Causes of death and predictors of childhood mortality in Rwanda: A matched case-control study using verbal social autopsy

Neil Gupta*, Lisa R. Hirschhorn, Felix C. Rwabukwisi, Peter Drobac, Felix Sayinzoga, Cathy Mugeni, Fulgence Nkikabahizi, Tatien Bucyana, Hema Magge, Daniel M. Kagabo, Evrard Nahimana, Dominique Rouleau, Amelia Vanderzanden, Megan Murray, Cheryl Amoroso

*Corresponding author for this work

Research output: Contribution to journalArticlepeer-review

10 Scopus citations


Background: Rwanda has dramatically reduced child mortality, but the causes and sociodemographic drivers for mortality are poorly understood. Methods: We conducted a matched case-control study of all children who died before 5 years of age in eastern Rwanda between 1st March 2013 and 28th February 2014 to identify causes and risk factors for death. We identified deaths at the facility level and via a community health worker reporting system. We used verbal social autopsy to interview caregivers of deceased children and controls matched by area and age. We used InterVA4 to determine probable causes of death and cause-specific mortality fractions, and utilized conditional logistic regression to identify clinical, family, and household risk factors for death. Results: We identified 618 deaths including 174 (28.2%) in neonates and 444 (71.8%) in non-neonates. The most commonly identified causes of death were pneumonia, birth asphyxia, and meningitis among neonates and malaria, acute respiratory infections, and HIV/AIDS-related death among non-neonates. Among neonates, 54 (31.0%) deaths occurred at home and for non-neonates 242 (54.5%) deaths occurred at home. Factors associated with neonatal death included home birth (aOR: 2.0; 95% CI: 1.4-2.8), multiple gestation (aOR: 2.1; 95% CI: 1.3-3.5), both parents deceased (aOR: 4.7; 95% CI: 1.5-15.3), mothers non-use of family planning (aOR: 0.8; 95% CI: 0.6-1.0), lack of accompanying person (aOR: 1.6; 95% CI: 1.1-2.1), and a caregiver who assessed the medical services they received as moderate to poor (aOR: 1.5; 95% CI: 1.2-1.9). Factors associated with non-neonatal deaths included multiple gestation (aOR: 2.8; 95% CI: 1.7-4.8), lack of adequate vaccinations (aOR: 1.7; 95% CI: 1.2-2.3), household size (aOR: 1.2; 95% CI: 1.0-1.4), maternal education levels (aOR: 1.9; 95% CI: 1.2-3.1), mothers non-use of family planning (aOR: 1.6; 95% CI: 1.4-1.8), and lack of household electricity (aOR: 1.4; 95% CI: 1.0-1.8). Conclusion: In the context of rapidly declining childhood mortality in Rwanda and increased access to health care, we found a large proportion of remaining deaths occur at home, with home deliveries still representing a significant risk factor for neonatal death. The major causes of death at a population level remain largely avoidable communicable diseases. Household characteristics associated with death included well-established socioeconomic and care-seeking risk factors.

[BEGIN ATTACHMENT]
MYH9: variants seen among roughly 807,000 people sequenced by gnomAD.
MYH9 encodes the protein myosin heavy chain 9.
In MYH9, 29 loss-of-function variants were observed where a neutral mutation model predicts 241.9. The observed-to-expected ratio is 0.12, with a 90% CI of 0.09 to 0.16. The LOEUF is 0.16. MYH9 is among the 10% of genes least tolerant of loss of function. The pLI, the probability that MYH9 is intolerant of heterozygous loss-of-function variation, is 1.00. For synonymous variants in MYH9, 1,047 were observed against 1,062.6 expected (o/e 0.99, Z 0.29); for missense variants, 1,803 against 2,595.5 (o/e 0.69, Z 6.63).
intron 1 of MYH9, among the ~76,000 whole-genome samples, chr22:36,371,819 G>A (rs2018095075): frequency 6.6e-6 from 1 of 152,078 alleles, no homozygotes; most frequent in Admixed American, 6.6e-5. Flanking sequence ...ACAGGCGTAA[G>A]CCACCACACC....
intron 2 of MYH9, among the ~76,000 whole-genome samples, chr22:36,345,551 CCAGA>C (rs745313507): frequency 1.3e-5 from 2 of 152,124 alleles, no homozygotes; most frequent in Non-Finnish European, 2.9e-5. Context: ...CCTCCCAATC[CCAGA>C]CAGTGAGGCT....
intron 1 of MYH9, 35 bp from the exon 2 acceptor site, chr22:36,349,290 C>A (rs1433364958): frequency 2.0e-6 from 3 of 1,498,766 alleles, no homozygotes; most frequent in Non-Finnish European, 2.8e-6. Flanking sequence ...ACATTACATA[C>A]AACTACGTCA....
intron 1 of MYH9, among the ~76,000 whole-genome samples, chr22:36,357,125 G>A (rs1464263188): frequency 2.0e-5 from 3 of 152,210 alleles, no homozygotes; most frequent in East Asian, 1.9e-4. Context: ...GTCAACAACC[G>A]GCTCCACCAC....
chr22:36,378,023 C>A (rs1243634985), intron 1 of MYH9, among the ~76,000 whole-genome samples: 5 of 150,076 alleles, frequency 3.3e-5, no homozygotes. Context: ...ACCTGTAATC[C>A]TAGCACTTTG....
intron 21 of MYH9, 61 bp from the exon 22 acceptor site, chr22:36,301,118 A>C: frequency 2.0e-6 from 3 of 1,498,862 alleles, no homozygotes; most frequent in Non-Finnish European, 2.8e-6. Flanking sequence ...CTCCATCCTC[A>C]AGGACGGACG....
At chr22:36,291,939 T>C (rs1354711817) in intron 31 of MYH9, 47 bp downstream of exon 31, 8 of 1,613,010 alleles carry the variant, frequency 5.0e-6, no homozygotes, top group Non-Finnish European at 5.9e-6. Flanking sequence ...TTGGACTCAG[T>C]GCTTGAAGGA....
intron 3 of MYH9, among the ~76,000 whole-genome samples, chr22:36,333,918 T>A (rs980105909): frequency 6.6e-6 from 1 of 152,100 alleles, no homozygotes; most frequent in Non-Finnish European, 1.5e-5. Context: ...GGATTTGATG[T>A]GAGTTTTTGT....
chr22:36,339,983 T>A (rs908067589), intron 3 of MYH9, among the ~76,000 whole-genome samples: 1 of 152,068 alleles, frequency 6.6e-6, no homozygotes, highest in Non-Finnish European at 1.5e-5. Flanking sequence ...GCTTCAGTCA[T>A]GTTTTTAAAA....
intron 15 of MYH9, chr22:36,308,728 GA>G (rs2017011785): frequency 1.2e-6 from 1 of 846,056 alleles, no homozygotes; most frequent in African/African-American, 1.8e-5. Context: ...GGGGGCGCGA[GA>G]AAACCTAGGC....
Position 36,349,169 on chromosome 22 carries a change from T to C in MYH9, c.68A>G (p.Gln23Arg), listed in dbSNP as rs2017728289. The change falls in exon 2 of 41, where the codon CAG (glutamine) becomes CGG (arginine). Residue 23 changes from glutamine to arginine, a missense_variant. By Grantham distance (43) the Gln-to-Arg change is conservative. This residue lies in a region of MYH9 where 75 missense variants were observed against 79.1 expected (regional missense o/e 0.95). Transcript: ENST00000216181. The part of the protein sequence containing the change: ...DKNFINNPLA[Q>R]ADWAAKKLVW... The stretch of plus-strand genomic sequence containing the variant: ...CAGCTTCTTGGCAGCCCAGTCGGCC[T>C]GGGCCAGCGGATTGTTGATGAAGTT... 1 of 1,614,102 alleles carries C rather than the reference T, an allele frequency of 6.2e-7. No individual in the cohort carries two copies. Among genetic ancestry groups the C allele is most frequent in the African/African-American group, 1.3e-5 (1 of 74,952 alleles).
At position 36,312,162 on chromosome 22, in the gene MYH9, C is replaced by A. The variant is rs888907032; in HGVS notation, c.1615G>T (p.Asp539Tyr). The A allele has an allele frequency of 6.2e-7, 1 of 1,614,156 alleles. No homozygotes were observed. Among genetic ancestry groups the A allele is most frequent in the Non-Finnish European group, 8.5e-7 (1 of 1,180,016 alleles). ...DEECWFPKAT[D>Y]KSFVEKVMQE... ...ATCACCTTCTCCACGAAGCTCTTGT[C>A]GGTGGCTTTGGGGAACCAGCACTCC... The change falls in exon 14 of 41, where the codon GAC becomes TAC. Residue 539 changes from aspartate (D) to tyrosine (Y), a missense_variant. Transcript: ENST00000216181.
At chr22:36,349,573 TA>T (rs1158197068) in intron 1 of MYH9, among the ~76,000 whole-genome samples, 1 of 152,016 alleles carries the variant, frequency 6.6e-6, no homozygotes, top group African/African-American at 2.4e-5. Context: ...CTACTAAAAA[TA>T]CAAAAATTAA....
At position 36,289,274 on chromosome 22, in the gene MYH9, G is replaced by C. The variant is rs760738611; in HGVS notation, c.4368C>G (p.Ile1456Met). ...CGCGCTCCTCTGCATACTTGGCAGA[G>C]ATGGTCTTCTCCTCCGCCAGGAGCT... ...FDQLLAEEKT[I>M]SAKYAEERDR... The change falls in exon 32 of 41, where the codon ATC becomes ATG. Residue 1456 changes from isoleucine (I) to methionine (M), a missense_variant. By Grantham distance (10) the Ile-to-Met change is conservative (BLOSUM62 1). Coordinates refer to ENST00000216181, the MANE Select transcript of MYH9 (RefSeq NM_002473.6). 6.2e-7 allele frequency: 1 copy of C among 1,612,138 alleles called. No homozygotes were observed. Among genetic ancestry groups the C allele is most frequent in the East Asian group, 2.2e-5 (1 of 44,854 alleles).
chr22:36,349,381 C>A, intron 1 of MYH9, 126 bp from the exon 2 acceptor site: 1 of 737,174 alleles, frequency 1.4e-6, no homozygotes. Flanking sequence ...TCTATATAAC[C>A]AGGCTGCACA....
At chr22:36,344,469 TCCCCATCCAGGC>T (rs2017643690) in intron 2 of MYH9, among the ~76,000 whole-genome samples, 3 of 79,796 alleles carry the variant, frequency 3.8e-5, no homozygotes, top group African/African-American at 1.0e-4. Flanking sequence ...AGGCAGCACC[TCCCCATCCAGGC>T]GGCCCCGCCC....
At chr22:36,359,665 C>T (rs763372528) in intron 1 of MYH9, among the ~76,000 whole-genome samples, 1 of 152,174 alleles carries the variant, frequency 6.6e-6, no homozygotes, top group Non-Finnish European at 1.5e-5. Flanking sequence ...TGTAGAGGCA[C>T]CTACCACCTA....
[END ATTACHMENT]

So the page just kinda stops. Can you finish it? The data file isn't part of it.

Original languageEnglish (US)
Article number1378
JournalBMC public health
Issue number1
StatePublished - Dec 17 2018

ASJC Scopus subject areas

  • Public Health, Environmental and Occupational Health


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